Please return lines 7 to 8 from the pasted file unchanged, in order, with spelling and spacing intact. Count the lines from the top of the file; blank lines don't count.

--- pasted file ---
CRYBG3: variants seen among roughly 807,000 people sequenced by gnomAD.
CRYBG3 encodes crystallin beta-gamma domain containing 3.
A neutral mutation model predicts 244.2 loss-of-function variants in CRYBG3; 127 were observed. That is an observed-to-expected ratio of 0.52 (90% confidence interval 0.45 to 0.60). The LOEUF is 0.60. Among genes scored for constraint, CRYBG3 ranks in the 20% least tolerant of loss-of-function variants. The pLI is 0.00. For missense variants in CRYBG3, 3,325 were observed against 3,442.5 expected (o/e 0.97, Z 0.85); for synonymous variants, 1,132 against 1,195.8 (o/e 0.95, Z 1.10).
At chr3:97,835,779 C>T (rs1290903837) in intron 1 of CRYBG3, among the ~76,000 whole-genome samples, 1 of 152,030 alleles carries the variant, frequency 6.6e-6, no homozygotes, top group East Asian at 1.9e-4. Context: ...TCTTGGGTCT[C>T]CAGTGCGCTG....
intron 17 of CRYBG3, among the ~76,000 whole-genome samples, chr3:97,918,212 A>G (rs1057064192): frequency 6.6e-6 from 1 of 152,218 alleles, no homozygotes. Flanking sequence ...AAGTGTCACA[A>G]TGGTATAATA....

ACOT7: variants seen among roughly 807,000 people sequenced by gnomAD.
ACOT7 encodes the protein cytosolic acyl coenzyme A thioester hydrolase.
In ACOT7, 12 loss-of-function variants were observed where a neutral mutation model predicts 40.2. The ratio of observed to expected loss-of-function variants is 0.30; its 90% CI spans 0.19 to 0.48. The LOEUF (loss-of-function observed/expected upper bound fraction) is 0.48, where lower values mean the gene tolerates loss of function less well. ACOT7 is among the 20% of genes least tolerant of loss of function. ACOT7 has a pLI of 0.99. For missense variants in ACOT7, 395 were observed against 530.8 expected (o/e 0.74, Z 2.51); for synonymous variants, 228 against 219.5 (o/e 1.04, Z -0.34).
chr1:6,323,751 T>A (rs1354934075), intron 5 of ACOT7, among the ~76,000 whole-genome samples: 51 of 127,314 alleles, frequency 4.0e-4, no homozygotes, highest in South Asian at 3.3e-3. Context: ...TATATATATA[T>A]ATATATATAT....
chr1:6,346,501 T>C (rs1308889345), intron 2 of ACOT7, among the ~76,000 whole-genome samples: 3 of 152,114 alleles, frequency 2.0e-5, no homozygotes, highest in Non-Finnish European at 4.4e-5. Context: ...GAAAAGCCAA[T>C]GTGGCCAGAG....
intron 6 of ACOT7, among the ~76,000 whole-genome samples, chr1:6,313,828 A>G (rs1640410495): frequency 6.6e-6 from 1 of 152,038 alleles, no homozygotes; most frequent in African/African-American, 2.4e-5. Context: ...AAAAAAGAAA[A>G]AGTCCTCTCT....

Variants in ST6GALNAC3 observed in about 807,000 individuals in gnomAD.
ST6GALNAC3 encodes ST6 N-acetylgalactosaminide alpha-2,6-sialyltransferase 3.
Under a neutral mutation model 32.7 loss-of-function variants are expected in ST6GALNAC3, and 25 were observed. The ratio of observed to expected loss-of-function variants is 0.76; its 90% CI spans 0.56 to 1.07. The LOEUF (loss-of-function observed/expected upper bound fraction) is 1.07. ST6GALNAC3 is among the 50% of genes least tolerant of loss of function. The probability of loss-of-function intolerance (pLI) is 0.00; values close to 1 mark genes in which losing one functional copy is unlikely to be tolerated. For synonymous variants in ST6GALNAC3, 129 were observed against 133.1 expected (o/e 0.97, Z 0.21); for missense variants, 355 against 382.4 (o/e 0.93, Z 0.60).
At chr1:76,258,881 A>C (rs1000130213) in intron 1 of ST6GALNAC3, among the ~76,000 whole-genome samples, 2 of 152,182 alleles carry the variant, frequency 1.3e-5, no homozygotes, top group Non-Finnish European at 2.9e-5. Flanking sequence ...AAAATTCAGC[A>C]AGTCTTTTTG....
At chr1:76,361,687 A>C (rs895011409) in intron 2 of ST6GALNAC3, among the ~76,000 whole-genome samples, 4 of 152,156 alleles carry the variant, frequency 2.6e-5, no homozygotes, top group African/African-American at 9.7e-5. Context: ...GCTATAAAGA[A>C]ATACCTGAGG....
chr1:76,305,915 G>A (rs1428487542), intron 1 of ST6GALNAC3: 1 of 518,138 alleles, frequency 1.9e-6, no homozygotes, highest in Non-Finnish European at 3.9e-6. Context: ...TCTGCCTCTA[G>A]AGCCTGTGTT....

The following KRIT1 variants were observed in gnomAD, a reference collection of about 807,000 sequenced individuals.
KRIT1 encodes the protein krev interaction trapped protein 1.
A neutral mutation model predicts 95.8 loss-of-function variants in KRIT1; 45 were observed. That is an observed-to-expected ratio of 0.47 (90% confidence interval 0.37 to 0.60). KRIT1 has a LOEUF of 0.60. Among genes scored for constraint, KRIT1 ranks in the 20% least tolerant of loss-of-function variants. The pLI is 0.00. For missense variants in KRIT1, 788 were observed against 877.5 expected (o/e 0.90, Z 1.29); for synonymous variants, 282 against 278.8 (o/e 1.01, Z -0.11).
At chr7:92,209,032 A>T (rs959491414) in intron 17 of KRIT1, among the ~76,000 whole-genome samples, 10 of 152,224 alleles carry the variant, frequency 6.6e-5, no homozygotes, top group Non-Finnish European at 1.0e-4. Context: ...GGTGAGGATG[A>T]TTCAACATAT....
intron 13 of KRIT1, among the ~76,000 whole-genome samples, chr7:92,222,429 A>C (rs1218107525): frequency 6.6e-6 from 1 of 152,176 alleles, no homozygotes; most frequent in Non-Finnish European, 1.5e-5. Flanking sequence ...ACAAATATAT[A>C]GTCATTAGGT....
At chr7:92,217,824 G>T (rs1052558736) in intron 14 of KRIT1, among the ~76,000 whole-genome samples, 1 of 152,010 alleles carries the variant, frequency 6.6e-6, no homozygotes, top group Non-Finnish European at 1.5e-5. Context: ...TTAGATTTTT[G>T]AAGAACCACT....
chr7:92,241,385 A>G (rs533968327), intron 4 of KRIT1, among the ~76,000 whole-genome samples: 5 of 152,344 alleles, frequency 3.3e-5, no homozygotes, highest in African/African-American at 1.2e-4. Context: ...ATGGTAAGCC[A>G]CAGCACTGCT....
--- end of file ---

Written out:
ACOT7 encodes the protein cytosolic acyl coenzyme A thioester hydrolase.
In ACOT7, 12 loss-of-function variants were observed where a neutral mutation model predicts 40.2. The ratio of observed to expected loss-of-function variants is 0.30; its 90% CI spans 0.19 to 0.48. The LOEUF (loss-of-function observed/expected upper bound fraction) is 0.48, where lower values mean the gene tolerates loss of function less well. ACOT7 is among the 20% of genes least tolerant of loss of function. ACOT7 has a pLI of 0.99. For missense variants in ACOT7, 395 were observed against 530.8 expected (o/e 0.74, Z 2.51); for synonymous variants, 228 against 219.5 (o/e 1.04, Z -0.34).